Console a grieving employee — Business Management Daily: Free Reports on Human Resources, Employment Law, Office Management, Office Communication, Office Technology and Small Business Tax Business Management Daily
As much as you might want to help an angry or upset worker feel better, it’s not always possible. Some individuals need time to cope with serious problems or personal tragedies. But that doesn’t mean you should ignore them. Provide comfort by listening. Don’t change the subject or provide unsolicited advice (such as “Don’t take it so hard”). You risk hurting the person even more if you try to divert his attention away from the topic in a well-intentioned effort to lift his spirits. If you’re worrying about what to say, just say nothing. Your presence alone can offer support.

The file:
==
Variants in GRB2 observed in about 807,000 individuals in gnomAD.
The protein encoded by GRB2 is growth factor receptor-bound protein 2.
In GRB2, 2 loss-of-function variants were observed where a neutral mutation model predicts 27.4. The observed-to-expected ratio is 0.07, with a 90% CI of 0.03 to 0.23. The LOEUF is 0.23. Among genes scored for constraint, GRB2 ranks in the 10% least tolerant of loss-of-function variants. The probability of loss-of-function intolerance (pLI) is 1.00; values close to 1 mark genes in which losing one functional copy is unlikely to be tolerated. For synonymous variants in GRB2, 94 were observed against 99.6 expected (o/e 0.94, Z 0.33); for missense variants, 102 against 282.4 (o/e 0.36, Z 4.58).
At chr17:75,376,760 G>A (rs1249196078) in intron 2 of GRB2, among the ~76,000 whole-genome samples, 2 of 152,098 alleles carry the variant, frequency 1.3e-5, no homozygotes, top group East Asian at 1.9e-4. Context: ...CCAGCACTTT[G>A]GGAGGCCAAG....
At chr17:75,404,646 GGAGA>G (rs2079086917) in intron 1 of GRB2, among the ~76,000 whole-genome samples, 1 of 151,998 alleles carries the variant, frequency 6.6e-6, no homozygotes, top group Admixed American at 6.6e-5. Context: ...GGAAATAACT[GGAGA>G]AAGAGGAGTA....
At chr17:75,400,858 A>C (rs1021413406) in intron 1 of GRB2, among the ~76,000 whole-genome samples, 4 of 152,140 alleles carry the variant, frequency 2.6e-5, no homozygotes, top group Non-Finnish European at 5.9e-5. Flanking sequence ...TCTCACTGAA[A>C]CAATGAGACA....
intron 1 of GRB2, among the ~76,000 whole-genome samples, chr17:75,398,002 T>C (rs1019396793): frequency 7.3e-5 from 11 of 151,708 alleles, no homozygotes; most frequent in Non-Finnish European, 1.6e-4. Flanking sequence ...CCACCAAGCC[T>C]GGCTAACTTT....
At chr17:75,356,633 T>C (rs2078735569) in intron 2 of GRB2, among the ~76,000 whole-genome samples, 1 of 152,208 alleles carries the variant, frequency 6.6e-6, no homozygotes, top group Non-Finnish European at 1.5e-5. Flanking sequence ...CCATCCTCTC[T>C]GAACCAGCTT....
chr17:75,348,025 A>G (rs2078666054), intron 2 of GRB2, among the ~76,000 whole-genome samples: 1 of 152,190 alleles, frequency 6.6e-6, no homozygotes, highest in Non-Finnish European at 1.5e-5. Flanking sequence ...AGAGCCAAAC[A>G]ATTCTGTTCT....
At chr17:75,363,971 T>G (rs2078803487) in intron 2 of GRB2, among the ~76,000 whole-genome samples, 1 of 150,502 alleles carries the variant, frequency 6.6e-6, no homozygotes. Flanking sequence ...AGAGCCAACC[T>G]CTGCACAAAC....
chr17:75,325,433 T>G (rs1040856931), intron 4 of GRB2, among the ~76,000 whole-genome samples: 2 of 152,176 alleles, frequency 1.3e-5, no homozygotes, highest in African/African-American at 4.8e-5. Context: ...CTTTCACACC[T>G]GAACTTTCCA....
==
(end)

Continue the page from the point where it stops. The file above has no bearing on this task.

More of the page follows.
After years of debate, the EEOC published controversial new guidance on employers' use of background-check policies and practices. Then, it used those guidelines to file a series of important lawsuits alleging violation of federal discrimination law....Click here to find out more.